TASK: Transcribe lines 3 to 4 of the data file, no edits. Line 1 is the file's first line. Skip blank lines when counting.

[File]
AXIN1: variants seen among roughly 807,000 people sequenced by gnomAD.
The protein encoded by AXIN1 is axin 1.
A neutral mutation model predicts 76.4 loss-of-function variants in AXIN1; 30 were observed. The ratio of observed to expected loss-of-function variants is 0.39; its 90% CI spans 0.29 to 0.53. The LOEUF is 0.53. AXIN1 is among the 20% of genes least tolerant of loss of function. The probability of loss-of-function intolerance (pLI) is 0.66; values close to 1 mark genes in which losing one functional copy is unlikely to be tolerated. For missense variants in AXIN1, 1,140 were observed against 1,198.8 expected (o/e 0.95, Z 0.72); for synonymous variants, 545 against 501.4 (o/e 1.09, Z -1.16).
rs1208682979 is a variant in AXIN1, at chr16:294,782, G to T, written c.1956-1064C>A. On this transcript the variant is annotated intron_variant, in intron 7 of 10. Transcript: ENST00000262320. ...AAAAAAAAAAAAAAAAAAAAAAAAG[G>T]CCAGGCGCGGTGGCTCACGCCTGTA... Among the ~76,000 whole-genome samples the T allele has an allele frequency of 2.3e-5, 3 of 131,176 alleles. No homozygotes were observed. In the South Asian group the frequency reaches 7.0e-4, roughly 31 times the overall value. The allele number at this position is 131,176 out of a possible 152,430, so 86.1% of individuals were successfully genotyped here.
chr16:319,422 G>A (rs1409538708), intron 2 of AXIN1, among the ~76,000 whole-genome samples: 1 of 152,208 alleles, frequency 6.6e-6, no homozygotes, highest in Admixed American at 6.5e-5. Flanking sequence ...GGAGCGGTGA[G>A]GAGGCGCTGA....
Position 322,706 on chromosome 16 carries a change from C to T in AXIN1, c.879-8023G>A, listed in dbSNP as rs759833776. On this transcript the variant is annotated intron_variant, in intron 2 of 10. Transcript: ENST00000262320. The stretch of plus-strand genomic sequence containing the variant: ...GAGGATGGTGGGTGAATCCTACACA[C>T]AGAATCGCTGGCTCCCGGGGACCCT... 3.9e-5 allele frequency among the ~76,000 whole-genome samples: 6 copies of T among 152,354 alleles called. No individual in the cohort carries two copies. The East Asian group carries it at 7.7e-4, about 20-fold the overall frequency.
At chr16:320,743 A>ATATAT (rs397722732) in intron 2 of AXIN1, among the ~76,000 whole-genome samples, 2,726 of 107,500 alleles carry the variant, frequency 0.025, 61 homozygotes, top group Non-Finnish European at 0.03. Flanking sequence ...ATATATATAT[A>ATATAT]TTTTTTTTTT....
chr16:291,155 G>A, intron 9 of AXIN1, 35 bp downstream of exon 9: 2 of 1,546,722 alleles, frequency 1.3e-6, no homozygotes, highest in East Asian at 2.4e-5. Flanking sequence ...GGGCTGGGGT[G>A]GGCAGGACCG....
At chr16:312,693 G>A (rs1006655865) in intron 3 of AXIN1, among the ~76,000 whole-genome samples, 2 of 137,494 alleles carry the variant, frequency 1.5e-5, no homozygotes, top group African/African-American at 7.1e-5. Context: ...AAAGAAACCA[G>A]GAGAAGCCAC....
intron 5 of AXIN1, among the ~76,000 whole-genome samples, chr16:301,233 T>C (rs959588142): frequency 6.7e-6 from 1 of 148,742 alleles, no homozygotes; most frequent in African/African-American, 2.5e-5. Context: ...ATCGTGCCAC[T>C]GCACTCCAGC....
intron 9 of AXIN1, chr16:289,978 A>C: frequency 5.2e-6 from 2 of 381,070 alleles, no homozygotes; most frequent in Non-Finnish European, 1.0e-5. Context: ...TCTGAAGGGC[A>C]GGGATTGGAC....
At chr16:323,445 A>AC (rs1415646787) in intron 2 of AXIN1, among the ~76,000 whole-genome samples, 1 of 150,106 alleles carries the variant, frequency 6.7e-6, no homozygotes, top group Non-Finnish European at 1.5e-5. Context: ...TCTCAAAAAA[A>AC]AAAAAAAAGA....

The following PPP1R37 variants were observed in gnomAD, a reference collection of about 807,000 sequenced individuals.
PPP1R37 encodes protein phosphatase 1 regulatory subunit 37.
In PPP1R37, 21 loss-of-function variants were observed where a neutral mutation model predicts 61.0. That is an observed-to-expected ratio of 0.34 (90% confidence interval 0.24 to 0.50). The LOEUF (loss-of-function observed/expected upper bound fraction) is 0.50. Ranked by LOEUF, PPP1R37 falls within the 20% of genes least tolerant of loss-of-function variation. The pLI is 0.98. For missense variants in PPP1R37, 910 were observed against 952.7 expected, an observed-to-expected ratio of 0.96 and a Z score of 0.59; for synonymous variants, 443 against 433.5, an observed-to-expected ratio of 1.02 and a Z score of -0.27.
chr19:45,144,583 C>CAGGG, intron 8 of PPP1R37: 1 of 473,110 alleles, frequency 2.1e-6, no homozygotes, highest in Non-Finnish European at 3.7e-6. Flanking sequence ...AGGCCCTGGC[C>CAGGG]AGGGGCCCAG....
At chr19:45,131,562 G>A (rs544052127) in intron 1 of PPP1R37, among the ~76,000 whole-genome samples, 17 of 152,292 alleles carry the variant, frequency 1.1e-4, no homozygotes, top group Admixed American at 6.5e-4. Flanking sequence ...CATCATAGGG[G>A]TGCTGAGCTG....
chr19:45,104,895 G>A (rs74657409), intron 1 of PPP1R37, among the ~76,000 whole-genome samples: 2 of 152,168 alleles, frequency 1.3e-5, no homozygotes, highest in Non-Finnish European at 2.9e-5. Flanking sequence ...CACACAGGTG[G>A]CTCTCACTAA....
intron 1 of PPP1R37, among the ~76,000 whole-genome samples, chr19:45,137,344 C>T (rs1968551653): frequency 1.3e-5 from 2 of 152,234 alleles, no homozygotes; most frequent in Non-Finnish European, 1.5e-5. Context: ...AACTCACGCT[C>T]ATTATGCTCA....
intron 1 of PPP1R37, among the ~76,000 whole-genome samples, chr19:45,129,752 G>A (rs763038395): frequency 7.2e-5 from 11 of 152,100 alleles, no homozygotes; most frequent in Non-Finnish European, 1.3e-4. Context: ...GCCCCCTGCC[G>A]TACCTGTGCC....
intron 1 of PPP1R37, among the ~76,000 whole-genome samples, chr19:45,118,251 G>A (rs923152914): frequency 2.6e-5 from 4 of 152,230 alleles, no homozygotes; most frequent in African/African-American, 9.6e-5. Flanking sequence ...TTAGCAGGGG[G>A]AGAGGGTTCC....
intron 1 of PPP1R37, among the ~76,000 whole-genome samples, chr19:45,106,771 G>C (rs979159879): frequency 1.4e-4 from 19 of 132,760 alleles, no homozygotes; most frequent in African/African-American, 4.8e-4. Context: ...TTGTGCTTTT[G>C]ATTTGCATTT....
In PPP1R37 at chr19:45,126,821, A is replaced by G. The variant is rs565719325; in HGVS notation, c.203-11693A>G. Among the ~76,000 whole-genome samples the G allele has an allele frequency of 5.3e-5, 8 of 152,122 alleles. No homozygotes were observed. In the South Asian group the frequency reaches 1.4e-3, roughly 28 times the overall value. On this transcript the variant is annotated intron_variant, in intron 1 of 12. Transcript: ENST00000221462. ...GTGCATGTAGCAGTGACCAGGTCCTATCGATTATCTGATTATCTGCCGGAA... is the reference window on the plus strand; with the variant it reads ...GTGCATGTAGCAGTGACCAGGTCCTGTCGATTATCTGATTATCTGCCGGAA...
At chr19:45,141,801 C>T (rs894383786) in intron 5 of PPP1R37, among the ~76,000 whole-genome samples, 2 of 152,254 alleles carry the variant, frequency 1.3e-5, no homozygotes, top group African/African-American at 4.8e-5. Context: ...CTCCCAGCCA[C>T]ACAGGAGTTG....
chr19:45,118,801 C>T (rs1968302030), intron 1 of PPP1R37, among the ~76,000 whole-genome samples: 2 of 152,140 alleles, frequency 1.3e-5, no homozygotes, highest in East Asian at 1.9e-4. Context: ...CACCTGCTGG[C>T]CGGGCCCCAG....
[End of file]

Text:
A neutral mutation model predicts 76.4 loss-of-function variants in AXIN1; 30 were observed. The ratio of observed to expected loss-of-function variants is 0.39; its 90% CI spans 0.29 to 0.53. The LOEUF is 0.53. AXIN1 is among the 20% of genes least tolerant of loss of function. The probability of loss-of-function intolerance (pLI) is 0.66; values close to 1 mark genes in which losing one functional copy is unlikely to be tolerated. For missense variants in AXIN1, 1,140 were observed against 1,198.8 expected (o/e 0.95, Z 0.72); for synonymous variants, 545 against 501.4 (o/e 1.09, Z -1.16).
rs1208682979 is a variant in AXIN1, at chr16:294,782, G to T, written c.1956-1064C>A. On this transcript the variant is annotated intron_variant, in intron 7 of 10. Transcript: ENST00000262320. ...AAAAAAAAAAAAAAAAAAAAAAAAG[G>T]CCAGGCGCGGTGGCTCACGCCTGTA... Among the ~76,000 whole-genome samples the T allele has an allele frequency of 2.3e-5, 3 of 131,176 alleles. No homozygotes were observed. In the South Asian group the frequency reaches 7.0e-4, roughly 31 times the overall value. The allele number at this position is 131,176 out of a possible 152,430, so 86.1% of individuals were successfully genotyped here.